Friday, March 28, 2008

Margaux Lange, Whimsy and brains

I am a big fan of Margaux Lange's work. She uses traditional metalsmithing techniques, with new materials to create fresh and vibrant jewelry with Barbie doll parts as the focal point. I found Margaux's work shortly after a neighbor's outrage over what her daughter and my daughter's had done to Barbie dolls. Let's just say, it started with haircuts. This was the perfect antidote to my neighbor's outrage at the plastic surgery that had taken place. What Margaus is doing with Barbie, is artistry. But, it also has the whimsy appropriate to the material.

Margaux has a blog that I visit from time to time, and I just caught up this morning. She has a terrific post on the New Wave artists at ACC. We had some discussion of these artists at the Synergy conference occurring upstairs, excited by the possibilities this represented for new media such as polymer clay. But I for one, was not aware of how much controversy and confusion the presense of these artists was generating on the floor, among both the new and the established artists.

I think it is instructive of the turmoil of transistion. And if you think that the craft business is not in transistion, think again. As I posted last night, things are in motion, and if you don't move along with it, you will be left behind.

Artists like Margaux are embracing, and making sites like Etsy work. She references an indie retail show that was a complete bust for her. In all of this she is not sure where she fits as a craft artist at times. But, frankly, I think many of us feel that way these days. How much of the new do we want to try out? And how much of the traditional ways of being in business work just fine?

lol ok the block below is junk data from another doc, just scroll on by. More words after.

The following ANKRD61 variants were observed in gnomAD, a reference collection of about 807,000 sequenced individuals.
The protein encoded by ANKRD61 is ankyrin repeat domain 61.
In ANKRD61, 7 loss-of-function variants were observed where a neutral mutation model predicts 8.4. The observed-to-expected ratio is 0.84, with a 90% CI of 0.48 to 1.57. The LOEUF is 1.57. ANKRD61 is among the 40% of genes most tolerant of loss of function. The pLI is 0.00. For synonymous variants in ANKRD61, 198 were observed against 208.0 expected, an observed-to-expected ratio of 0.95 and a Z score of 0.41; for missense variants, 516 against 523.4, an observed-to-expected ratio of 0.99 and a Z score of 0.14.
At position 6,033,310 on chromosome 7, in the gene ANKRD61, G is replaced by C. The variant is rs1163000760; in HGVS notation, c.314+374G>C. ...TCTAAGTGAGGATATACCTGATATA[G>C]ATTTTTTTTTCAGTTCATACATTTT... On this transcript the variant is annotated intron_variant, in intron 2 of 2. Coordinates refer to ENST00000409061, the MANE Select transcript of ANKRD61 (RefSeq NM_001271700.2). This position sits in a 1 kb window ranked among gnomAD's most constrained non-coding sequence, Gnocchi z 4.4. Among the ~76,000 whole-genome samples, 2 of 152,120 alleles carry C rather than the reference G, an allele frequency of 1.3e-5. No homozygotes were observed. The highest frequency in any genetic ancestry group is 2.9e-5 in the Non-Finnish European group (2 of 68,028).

I don't think there is any one answer. I do think we have to continual monitor, measure and experiment. Trying out the new, and checking in regularly to see of the old is still working as well as it used to. Promoters and galleries are in a similar position. If they keep doing what they did ten years ago, they will find themselves in a fight for survival.

And we need communication. Without it there is distrust and animosity. That is clear from Margaux's post. It will not be resolved quickly and easily, but a peace will be reached eventually, most likely from a cross-pollination of the old and new.

I hear people sometimes speak dismissively of Etsy as a place where there is too many artists with low price and poor workmanship. That is there. But there is also work that is beautifully crafted, and not the least bit inexpensive. It hasn't been an outlet that works for me, but I have found success with, a site that is has it's share of derision. Both sites require more time and money spent than just putting items up on a page to make them work to best advantage. But both offer ways to maximize the chance to succeed. Showcases and Treasuries on Etsy. Featured items and co-op ads with

It is up to us to try and keep from feeling personally threatened by all the change that is going on around us. Change represents energy, and energy is what craft needs to stay alive and vital. When you feel yourself dismissing or criticizing some new faction in the world of craft, stop and ask yourself a few questions.

"Why is it bad?"

"How much do you really know about it?"

"Is there anyone involved whose work you respect?"

"What are they finding that you have not seen?"

The more conflict there is in the transistion, from either direction, the longer and more painful it will be. The more open exchange there is, the more chance there is for growth by all parties.

Things will always change. Are you open to change?

No comments: